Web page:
SecurityBrief Australia - Technology news for CISOs & cybersecurity decision-makers
Story image
Ransomware 2021 - the year and trends in hindsight
Thu, 24th Feb 2022
FYI, this story is more than a year old

2021 saw threat actors turn the dial-up on ransomware, with several high-profile attacks against major corporations and critical infrastructure. Overall, there were five standout trends that shed light on the emerging tactics and strategies hackers are using to gain access to company networks.

1. Ransomware-as-a-Service became the model of choice

Ransomware-as-a-Service (RaaS), which enables threat actors to use pre-developed ransomware tools to execute specific parts of their attack, became the go-to model for ransomware attacks in 2021.

With a plethora of RaaS offerings now available on the black market, less-sophisticated hackers are more than capable of delivering successful attacks.

RaaS often operates using a subscription model, where hackers pay a fee to access malware applications. Other RaaS offerings operate under a 'profit-sharing' model, with the aim of building an underground network of affiliates and sub-groups who each specialise in different attacks.

One example of this profit-sharing model is 'initial access brokers' (IAB), who use mass-scanning tools to probe thousands of organisations and find vulnerable targets. After accessing company networks, IABs then sell the access details on the black market, with the sale price determined by the size and value of the victim.

IABs often become affiliates, partners or subcontractors of other ransomware networks and receive a cut of the ransom in exchange for their services, presenting them with additional revenue streams.

However, increased profit share also leads to more risk, as partners and affiliates perform most of the dirty work. Any mishap or failure could easily lead to them being identified by investigators and reprimanded with heavy penalties.

2. The rise of custom-made ransomware

Many ransomware groups now use bespoke ransomware, which is customised based on a certain victim's network structure and, therefore, more difficult to detect than generic ransomware.

Generally, most ransomware threats fall into the category of executable files, which target Windows OS. However, as threat actors have gained more knowledge of modern enterprise environments, they have introduced new threats capable of targeting Linux-based hosts, including those used for file storage and virtualisation, such as VMware ESX.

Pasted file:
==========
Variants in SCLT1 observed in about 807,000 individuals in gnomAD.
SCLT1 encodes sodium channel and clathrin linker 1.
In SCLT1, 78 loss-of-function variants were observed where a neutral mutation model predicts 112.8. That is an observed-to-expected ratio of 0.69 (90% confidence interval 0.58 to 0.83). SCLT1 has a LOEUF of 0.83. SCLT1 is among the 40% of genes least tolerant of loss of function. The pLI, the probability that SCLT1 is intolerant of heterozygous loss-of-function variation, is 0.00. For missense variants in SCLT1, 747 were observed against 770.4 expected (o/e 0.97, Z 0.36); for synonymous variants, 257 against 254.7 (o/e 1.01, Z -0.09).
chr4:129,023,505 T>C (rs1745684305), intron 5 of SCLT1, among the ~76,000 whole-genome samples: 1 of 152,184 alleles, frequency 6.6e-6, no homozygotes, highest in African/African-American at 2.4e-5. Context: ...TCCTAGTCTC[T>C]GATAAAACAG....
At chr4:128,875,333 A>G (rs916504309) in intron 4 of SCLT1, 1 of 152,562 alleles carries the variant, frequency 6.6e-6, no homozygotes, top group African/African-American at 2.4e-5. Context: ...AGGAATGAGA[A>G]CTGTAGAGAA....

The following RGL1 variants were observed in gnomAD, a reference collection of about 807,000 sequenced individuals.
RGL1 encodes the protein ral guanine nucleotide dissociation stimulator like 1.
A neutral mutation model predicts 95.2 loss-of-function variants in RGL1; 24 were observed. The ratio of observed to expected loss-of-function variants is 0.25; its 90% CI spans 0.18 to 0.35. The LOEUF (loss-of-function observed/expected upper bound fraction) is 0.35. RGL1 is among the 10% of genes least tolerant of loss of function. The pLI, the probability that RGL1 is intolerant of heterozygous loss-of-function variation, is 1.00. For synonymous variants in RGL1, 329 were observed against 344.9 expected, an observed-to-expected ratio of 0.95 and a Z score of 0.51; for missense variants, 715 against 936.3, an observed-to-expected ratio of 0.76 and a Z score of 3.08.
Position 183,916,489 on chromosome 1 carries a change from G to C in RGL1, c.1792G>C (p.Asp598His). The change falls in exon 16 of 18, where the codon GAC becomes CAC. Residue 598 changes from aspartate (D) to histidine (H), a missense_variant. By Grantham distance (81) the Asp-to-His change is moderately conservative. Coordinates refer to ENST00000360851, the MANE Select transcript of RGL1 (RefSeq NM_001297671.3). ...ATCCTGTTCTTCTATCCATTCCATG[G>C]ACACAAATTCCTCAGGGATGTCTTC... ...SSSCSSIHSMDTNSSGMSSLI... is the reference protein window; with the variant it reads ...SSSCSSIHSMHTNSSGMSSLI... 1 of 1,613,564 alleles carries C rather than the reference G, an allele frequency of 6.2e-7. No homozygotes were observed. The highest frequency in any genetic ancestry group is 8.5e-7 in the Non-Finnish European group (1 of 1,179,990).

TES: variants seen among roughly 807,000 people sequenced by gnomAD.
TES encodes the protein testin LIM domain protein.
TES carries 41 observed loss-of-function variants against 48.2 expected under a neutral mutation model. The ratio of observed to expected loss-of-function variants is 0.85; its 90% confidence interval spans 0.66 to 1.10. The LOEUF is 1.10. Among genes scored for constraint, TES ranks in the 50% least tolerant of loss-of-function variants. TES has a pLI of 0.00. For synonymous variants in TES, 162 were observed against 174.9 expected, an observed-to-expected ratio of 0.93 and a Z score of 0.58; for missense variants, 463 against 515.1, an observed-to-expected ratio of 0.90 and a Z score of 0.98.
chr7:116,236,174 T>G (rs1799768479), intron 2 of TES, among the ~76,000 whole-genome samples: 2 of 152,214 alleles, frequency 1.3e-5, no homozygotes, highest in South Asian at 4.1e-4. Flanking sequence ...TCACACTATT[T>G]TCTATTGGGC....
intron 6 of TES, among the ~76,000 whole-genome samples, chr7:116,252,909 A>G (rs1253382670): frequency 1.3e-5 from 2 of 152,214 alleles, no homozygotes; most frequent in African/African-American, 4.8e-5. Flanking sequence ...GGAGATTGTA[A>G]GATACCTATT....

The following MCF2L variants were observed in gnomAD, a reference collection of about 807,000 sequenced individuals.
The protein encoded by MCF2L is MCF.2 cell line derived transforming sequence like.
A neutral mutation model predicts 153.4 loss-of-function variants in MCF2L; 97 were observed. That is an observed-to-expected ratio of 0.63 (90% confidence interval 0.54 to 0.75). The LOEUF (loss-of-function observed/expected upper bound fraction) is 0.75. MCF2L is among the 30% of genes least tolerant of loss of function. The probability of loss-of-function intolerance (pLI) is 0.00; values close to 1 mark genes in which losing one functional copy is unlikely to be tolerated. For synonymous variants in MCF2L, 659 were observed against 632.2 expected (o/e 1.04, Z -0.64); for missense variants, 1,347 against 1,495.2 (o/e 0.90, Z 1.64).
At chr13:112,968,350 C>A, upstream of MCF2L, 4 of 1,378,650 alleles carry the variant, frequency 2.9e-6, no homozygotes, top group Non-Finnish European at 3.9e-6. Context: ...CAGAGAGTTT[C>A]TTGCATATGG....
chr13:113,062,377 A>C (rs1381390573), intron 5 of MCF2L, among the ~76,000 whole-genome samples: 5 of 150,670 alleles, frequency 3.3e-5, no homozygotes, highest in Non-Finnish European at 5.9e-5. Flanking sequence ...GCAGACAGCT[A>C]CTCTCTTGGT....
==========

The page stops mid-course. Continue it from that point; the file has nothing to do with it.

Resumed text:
As soon as new vulnerabilities emerge, threat actors will quickly add these to their arsenal and prey on any organisations that haven't swiftly patched their systems.

Once attackers have gained access to a victim's network, their goal is to remain undetected for as long as possible. They frequently adopt a "low and slow" approach to data theft to avoid detection by cybersecurity teams while they exfiltrate data.

Many ransomware groups will also review a victim's financial records to locate details of cyber insurance policies and determine the maximum ransom that will be paid under it.

3. Big-game hunters extort victims

As ransomware groups have become more sophisticated, their targets have also grown more ambitious. In 2021, hackers turned their attention to "big game hunting" – that is, stealing data from bigger companies who are more likely to pay the ransom than smaller organisations and individuals who don't have the means to do this.

Ransomware groups have realised that they don't even need to encrypt data to succeed; they just need to threaten to make it public. Many large corporations with highly sensitive data are willing to pay the ransom to keep it confidential.

For example, the exposure of personal identifiable information (PII) such as ID cards and account details can result in hefty fines and reputational damage. In contrast, the leaking of intellectual property (IP) can result in loss of competitive advantage and wasted research costs. The bigger the target, the more likely they will pay the ransom.

Ransomware groups are constantly evolving their extortion methods – for example, they often contact an organisation's customers, employees and even the media to alert them of the compromised network.

Some won't work without third-party negotiators, while others tell their victims to pay quietly without alerting the relevant authorities or face additional consequences.

4. Targeting the weakest links in the supply chain

One very notable tactic used by threat actors in 2021 (particularly those from nation-states) was software supply chain attacks, where hackers only require a single entry point to gain access to higher-value corporate networks throughout the supply chain.

For example, organisations across every continent held their breath as news of the infamous Kaseya attack spread, with over 1,000 victims.

Unlike the traditional tactic of choosing a target organisation and deploying ransomware to gain access into their network, ransomware groups sought to compromise a widely used software supplier instead, giving them access to all of an organisation's customers as well---drastically increasing the scale of the attack.

This type of attack became more common in 2021 and will continue to do so in the next few years.

5. Commodity malware

In 2021, deploying ransomware became almost as easy as ordering takeaway online. Commodity malware is essentially an application that hackers can purchase or download freely online and continues to be widely adopted by everyone from organised cybercriminal groups targeting major corporations to script kiddies looking to make a few bucks online.

Some key examples of popular commodity malware include njRAT, Formbook, NanoCore, Lokibot, Remcos, AZORult, Netwire, Danabot and Emotet.

Article by Varonis APJ vice president, Scott Leach.